On Dec. 4, 2021, I found a Facebook post that articulated the relationship of the right-wing Republican political operations to the religious right’s dominion theocracy movement. As Ruth Larson Case posted, “They have been working steadily behind the scenes for years & years. It’s no secret that the Republican Party/conservative Christianity is actively trying to turn this nation into some form of theocracy.”
As a retired reporter and editor, I usually don’t put much stock in or react to Facebook posts like this and am more than wary of conspiracy theories. But for years I had heard about dominionism and that Ted Cruz was part of the movement. The other thing I’ve heard about for some time is a book by renowned Duke University historian Nancy MacLean, “Democracy in Chains: The Deep History of the Radical Right’s Stealth Plan for America.” But I hadn’t gotten around to reading it until diving into researching dominionism. That sparked a nagging recollection about MacLean’s book, so after reading Heather Boushey’s book review in The New York Times Aug. 20, 2017 Sunday Book Review I decided to read it. On Dec. 15, I got it through interlibrary loan.
You don’t need to read beyond the book’s Introduction (attached PDF) to see how she outlines how sinister is economist James McGill Buchanan’s so-called public choice theory; and his stealthy plan being fully the progenitor of the Republican-right’s agenda and concomitant behavior. This started in the late 1950s and certainly since the 1970s with the Koch Brothers involvement. That plan, which MacLean convincingly asserts is really a long-term movement, has unfolded before our very eyes. Even media at the highest level has written about the plan’s tactics as increased bitter partisanship while missing the big picture.
While Boushey’s review is a great summary of MacLean’s thesis, with some examples, MacLean’s introduction gives us the overview and context. So does The New York Times’ obituary for Buchanan noting, “[he] was a leading proponent of public choice theory, which assumes that politicians and government officials, like everyone else, are motivated by self-interest — getting re-elected or gaining more power — and do not necessarily act in the public interest.”
Importantly, Buchanan feared the expansion of government and government programs would result in taxing the rich to provide what the Republicans have called “entitlements” for the populace, a behavior he argued, designed to keep the political/government class in power and take money from the billionaire capitalist class. Meanwhile, one of the “stealth” parts of Buchanan’s scheme was based on his notion that the political-government-populace couldn’t be “constrained” — at least as long as the voters were allowed to vote their will.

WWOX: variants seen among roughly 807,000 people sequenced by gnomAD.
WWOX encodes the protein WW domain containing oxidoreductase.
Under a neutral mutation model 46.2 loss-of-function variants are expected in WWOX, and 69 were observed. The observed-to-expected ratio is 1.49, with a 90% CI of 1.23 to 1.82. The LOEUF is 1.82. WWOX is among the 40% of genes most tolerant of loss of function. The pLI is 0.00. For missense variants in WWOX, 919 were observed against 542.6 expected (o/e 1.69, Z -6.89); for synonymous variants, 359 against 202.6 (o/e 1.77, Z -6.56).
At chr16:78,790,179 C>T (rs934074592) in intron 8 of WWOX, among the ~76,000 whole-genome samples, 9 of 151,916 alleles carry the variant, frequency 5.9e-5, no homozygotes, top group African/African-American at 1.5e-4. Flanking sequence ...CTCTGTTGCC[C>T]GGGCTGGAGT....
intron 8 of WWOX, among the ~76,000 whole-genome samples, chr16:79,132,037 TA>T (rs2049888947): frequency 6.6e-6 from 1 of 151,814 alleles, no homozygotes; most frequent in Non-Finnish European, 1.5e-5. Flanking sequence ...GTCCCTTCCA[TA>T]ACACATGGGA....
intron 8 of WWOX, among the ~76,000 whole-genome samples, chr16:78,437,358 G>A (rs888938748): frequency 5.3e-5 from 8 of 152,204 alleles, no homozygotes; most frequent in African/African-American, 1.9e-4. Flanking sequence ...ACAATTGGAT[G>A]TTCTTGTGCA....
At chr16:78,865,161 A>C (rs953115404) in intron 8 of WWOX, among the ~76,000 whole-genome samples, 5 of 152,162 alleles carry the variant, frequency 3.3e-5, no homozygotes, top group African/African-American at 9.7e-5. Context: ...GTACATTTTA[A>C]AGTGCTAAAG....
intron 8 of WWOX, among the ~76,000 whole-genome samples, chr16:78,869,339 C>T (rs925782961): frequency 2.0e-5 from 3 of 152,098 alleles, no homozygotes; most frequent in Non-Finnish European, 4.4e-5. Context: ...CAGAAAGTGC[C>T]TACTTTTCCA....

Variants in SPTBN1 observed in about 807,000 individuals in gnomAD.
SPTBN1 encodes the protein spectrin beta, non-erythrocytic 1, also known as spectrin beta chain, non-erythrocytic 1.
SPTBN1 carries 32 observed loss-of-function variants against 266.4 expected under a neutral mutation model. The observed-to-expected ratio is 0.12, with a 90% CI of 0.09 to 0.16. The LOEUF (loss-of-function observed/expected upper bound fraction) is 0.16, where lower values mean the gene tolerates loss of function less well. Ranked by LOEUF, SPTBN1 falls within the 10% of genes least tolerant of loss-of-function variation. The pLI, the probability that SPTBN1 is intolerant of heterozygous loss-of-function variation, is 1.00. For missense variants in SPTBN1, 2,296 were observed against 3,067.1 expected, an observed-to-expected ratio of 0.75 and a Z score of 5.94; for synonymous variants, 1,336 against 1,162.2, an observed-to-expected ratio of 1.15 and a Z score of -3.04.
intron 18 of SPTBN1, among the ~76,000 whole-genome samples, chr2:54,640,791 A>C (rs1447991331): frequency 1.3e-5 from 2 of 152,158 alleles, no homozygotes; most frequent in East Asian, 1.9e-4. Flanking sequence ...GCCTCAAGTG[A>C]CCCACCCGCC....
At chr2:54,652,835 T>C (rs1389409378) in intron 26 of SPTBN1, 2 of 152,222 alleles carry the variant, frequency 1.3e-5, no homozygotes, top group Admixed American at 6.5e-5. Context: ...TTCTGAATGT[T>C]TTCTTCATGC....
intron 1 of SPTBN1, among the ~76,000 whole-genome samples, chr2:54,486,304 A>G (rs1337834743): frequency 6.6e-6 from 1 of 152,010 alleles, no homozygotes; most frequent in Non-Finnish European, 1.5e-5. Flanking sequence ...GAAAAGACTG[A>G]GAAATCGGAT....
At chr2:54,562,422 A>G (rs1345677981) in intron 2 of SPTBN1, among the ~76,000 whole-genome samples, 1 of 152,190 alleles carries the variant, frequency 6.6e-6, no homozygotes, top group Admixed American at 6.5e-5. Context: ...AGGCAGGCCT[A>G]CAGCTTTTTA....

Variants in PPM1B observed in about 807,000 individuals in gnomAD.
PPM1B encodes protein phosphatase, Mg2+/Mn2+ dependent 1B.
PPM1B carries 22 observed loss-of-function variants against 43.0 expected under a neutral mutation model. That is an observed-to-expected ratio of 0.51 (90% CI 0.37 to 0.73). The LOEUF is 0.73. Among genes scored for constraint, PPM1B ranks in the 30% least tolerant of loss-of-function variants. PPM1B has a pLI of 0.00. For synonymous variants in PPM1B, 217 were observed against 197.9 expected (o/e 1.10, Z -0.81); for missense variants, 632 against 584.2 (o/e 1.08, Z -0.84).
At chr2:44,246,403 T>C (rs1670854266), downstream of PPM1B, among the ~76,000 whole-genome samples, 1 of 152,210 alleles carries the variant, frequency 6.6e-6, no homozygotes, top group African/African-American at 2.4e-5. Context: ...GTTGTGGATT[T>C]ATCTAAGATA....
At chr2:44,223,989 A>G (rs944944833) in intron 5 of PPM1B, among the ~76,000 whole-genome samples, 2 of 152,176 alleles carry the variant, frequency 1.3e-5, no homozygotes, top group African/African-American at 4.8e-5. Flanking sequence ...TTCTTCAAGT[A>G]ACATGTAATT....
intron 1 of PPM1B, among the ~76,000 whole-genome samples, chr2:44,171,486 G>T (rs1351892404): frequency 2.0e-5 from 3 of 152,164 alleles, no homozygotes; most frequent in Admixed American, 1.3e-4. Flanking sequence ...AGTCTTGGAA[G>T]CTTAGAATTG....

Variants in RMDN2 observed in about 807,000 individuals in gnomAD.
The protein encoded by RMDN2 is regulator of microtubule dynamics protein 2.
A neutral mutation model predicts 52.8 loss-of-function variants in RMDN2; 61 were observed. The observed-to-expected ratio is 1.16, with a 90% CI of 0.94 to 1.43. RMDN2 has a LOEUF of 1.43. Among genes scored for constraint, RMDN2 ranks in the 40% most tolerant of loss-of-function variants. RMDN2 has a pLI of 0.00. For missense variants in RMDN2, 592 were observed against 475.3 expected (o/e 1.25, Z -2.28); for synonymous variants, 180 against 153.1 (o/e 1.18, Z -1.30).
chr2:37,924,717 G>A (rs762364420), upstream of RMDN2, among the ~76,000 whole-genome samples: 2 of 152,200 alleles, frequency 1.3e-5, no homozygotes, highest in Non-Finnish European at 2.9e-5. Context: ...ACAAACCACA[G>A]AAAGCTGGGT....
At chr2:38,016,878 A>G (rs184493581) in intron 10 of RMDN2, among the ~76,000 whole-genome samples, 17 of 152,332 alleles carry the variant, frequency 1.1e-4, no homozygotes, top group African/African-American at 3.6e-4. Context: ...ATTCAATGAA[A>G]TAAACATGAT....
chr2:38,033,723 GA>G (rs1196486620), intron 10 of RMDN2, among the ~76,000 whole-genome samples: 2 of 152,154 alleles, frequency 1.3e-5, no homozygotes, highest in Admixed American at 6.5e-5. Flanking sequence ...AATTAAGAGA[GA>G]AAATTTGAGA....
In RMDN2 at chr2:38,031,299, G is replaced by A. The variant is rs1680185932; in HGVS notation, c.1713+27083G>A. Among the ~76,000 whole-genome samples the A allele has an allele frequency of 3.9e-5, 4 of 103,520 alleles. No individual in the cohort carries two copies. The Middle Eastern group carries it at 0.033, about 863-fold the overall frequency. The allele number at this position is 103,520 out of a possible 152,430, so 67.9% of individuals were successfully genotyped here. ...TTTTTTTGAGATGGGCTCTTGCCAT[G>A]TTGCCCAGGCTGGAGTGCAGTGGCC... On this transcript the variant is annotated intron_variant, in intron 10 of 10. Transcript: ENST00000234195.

As I said, I only recently realized that Buchanan’s approach melded with the dominionist movement when MacLean and the obit pointed out that Buchanan “amplified on” this so-called “public choice theory” from the 1950s onward and “argued for smaller government, lower deficits and fewer regulations — a spectrum of policy objectives that were ascendant in the 1980s conservative agenda of President Ronald Reagan.”
And part of that strategy was the Koch Brothers’ founding of the Cato Institute (and many other “think tanks” to promote public choice theory. How stealthy this was and some indication of its links to the dominionist movement is another PRA essay by Peter Montgomery in April 2015 in “The Public Eye.” In this article, “Biblical Economics: The Divine Laissez-Faire Mandate,” Montgomery outlines how melded these parts of the movement are; and, how subtle they are.
So, where Case’s Facebook post fell short was labelling these Christian zealots as agents of “7 Mountains Dominionism” thereby missing the Buchanan/MacLean connection. However, in short, those politicians openly or assumedly associated with the dominionist movement AND the radical right are both sides of the same coin. As allies of Buchanan’s plan, they are, as MacLean reluctantly calls them, a fifth column allied with others to end our democracy. And how convenient the Christian overlay on the movement is.
As for my research on dominionism, I found work by Frederick Clarkson; Ph.D., senior fellow at the non-profit think tank Political Research Associates helpful. In several articles in the PRA’s “The Public Eye” he and others make clear the movement is more complex than the 7 Mountains or 7M branch of the movement.
For example, in a Feb. 14, 2016, post, he writes, “The term ‘Dominionism’ was first popularized in the 1990s by researchers, including Chip Berlet, scholar Sara Diamond, and myself, who needed a term to describe the political aspirations of Christian Rightists who believed that they have a biblical mandate to control all earthly institutions — including government — until the second coming of Jesus.”